How to Authorize Third-Party Direct Debits
Take the hassle out of paying bills by authorizing a third party like a health club, credit union, or insurance agency to deduct payments directly from your eligible Fidelity brokerage account.
Why would I use third-party direct debit?
Direct debit allows a third-party vendor to withdraw money from your Fidelity brokerage account. You can also authorize software programs, like Quicken, to access your account to pay bills. It's a smart solution for keeping up with recurring payments because you don't have to track due dates and dollar amounts.
What do I need to know?
You'll need to have a nonretirement brokerage or cash management account because the payment is deducted from your cash balance. You can check your account's cash balance from your Portfolio page; select Manage Cash, Manage Money & Payments, under Available to Withdraw.
Since you set up this feature with a third party, you don't need to complete any Fidelity forms. However, you'll need to fill out the vendor or third party's authorization forms. You will need to provide the vendor with:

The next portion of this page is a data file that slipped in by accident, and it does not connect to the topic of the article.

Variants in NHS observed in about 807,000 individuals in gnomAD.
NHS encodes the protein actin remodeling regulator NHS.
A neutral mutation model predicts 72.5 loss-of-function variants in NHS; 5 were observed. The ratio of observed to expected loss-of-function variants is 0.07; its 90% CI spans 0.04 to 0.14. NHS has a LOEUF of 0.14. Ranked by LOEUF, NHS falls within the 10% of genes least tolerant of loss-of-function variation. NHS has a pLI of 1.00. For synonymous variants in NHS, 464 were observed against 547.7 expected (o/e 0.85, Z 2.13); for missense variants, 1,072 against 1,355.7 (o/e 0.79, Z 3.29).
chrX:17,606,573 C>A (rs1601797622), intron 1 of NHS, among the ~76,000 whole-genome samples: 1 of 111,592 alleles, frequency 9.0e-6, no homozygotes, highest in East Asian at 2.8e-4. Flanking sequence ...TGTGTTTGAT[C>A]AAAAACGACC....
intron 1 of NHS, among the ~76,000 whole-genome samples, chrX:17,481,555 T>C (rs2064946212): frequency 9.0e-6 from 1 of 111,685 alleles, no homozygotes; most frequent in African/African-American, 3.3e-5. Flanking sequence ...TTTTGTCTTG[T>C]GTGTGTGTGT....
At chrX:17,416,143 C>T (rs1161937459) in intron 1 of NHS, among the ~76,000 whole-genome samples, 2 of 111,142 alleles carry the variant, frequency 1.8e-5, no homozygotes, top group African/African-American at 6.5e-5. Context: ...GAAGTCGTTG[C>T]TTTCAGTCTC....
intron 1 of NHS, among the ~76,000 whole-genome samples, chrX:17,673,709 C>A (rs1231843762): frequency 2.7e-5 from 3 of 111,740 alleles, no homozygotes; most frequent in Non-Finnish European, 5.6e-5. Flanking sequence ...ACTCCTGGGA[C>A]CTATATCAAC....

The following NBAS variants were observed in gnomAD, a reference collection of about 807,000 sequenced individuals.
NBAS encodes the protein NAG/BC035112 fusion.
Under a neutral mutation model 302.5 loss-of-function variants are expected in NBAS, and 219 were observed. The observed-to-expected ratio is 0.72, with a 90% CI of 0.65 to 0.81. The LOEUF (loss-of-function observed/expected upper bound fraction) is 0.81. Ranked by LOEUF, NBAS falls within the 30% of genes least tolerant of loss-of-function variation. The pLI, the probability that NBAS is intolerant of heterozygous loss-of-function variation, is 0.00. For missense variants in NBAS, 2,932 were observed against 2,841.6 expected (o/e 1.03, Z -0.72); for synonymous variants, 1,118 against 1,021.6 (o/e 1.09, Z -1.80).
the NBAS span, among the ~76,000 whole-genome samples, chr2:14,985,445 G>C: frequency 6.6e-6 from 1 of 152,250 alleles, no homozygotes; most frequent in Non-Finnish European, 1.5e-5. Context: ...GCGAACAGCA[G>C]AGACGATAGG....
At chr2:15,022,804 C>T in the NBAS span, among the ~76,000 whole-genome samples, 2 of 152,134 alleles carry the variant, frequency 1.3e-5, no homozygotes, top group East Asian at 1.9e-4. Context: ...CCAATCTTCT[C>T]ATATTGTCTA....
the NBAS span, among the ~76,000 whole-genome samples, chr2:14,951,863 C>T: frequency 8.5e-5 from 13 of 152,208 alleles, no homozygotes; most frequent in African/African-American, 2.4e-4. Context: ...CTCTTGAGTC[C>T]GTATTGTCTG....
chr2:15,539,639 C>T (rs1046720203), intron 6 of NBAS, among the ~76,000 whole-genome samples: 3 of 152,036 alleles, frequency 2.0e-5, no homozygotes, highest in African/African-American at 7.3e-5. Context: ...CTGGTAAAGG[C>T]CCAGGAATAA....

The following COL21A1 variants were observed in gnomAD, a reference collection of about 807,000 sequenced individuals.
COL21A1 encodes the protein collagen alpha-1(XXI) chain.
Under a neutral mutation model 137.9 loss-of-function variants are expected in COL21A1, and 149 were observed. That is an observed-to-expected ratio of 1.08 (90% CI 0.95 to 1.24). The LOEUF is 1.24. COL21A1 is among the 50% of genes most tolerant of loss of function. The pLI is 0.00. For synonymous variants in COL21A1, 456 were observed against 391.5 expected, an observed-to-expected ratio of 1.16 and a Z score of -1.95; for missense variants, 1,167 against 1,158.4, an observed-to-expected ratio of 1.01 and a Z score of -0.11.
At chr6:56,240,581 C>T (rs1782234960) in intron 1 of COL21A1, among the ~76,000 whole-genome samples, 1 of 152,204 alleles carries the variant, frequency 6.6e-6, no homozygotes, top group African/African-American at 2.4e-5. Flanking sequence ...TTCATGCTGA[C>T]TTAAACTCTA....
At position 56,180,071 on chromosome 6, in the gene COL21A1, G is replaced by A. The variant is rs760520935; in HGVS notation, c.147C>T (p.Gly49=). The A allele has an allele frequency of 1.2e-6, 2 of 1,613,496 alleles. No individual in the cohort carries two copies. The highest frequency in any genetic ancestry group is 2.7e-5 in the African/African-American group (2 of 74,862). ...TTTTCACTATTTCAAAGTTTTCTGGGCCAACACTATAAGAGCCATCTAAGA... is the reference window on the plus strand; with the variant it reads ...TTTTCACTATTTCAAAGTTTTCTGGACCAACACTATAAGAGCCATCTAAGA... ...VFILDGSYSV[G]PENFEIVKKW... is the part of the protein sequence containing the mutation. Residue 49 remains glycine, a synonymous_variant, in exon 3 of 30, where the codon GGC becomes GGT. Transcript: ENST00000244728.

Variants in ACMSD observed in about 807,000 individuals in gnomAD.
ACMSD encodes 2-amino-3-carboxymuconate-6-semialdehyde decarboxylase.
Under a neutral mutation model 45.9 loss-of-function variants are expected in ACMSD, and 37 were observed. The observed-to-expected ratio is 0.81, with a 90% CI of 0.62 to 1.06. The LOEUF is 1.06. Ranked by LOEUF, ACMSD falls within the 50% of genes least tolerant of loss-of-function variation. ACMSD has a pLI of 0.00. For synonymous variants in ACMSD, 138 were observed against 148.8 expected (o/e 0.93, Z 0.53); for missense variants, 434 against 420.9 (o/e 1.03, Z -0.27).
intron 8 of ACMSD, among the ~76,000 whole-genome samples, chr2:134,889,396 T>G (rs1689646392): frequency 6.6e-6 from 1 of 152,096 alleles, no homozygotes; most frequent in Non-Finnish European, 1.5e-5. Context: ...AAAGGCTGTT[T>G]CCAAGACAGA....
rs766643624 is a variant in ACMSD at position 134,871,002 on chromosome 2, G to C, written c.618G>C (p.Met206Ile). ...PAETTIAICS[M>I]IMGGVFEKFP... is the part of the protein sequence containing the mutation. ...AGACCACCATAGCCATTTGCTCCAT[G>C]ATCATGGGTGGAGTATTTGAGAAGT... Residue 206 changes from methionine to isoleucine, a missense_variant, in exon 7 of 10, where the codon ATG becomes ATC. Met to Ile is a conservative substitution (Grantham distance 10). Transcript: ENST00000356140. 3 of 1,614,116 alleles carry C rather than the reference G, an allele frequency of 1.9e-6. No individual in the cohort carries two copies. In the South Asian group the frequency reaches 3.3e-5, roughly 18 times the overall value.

- Your correctly formatted account number: Learn how to Determine Your Routing and Account Number
- Fidelity's routing number: 101205681
- A voided check
Because we don't initiate the direct debit, you won't get a confirmation from Fidelity when you've set up the feature. However, you may receive a confirmation from the third party. If you do, review it to verify that your Fidelity account information is listed correctly.
Note: 529 college savings plans, workplace savings plans, Portfolio Advisory Services accounts, health savings accounts, and mutual fund accounts are not eligible for this feature.
What to expect
Funds are debited from your account on the date established by your third party, so please make sure the money will be available. Direct debits are listed as pre-authorized in your account history. Some vendors use electronic debit procedures and others use a paper draft. When the vendor uses electronic debit, the account's history shows a debit with the vendor's full or abbreviated name, similar to what you'd see if you used a debit card at a store. If the vendor uses paper drafts, the account's history shows a check paid without the third-party name listed.